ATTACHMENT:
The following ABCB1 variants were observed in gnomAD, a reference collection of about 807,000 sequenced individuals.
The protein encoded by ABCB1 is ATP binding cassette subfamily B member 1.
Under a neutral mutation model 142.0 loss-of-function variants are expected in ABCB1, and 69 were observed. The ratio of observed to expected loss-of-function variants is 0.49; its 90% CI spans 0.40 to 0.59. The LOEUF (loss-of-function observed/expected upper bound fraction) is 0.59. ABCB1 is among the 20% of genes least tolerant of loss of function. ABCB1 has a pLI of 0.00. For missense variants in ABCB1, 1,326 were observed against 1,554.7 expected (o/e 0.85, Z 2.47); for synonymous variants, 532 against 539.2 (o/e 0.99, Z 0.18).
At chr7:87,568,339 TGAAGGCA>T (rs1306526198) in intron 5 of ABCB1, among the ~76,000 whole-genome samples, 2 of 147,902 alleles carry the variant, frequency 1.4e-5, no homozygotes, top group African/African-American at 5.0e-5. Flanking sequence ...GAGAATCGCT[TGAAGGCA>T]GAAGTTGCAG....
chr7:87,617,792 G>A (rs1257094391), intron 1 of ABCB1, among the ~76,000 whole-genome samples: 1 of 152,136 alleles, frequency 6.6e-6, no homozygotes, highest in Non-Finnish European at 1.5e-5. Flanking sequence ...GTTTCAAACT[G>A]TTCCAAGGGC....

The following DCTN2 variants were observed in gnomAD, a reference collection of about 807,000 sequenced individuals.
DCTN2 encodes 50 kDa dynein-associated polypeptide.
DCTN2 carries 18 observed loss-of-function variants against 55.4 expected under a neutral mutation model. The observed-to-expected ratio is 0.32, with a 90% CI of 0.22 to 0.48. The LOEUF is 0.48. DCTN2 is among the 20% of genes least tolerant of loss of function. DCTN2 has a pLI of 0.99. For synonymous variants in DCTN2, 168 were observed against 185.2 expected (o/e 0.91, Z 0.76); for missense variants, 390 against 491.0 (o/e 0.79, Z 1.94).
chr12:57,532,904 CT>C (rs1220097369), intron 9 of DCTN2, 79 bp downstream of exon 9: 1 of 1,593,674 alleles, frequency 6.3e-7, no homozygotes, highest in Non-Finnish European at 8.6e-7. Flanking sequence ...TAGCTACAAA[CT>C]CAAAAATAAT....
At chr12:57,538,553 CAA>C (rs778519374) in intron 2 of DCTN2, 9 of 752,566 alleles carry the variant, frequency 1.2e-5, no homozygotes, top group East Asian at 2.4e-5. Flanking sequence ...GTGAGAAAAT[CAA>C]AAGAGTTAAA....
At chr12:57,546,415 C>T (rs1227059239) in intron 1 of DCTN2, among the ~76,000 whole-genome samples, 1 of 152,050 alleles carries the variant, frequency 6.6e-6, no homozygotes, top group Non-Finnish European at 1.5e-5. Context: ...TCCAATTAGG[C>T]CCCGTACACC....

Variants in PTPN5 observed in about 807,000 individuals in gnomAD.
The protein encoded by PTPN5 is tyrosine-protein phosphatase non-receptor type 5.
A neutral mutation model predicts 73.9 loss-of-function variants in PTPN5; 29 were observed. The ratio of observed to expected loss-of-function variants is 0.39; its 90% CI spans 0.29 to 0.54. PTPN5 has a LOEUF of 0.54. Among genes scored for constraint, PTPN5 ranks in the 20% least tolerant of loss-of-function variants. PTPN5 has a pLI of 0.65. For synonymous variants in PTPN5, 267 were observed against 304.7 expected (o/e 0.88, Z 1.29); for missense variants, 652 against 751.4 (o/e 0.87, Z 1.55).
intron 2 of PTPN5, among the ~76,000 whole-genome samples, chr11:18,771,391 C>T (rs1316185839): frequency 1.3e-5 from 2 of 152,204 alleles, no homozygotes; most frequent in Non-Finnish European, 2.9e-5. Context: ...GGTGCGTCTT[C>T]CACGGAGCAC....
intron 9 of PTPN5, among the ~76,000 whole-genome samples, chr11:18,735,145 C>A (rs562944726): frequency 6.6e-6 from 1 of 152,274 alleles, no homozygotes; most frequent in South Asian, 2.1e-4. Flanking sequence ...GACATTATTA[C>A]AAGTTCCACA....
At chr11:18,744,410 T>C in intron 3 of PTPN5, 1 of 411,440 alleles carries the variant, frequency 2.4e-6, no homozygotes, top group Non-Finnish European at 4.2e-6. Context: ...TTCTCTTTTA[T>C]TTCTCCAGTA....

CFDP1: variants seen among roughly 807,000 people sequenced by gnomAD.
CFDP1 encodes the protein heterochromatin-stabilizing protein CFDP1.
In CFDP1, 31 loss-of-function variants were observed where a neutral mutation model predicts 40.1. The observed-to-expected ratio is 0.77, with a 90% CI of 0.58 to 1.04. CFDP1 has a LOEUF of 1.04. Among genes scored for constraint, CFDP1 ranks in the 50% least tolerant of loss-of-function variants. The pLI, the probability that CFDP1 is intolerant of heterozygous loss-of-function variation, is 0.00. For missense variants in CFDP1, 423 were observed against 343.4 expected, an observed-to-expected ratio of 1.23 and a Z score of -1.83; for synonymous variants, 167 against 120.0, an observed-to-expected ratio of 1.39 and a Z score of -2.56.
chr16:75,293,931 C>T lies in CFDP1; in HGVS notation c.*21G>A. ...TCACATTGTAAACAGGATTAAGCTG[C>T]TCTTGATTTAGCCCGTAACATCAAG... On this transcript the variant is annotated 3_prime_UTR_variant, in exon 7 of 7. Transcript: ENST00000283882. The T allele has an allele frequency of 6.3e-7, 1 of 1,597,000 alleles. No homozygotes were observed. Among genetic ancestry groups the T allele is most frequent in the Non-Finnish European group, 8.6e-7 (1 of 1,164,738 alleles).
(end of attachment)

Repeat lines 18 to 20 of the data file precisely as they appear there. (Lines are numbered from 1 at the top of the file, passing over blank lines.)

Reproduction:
CFDP1: variants seen among roughly 807,000 people sequenced by gnomAD.
CFDP1 encodes the protein heterochromatin-stabilizing protein CFDP1.
In CFDP1, 31 loss-of-function variants were observed where a neutral mutation model predicts 40.1. The observed-to-expected ratio is 0.77, with a 90% CI of 0.58 to 1.04. CFDP1 has a LOEUF of 1.04. Among genes scored for constraint, CFDP1 ranks in the 50% least tolerant of loss-of-function variants. The pLI, the probability that CFDP1 is intolerant of heterozygous loss-of-function variation, is 0.00. For missense variants in CFDP1, 423 were observed against 343.4 expected, an observed-to-expected ratio of 1.23 and a Z score of -1.83; for synonymous variants, 167 against 120.0, an observed-to-expected ratio of 1.39 and a Z score of -2.56.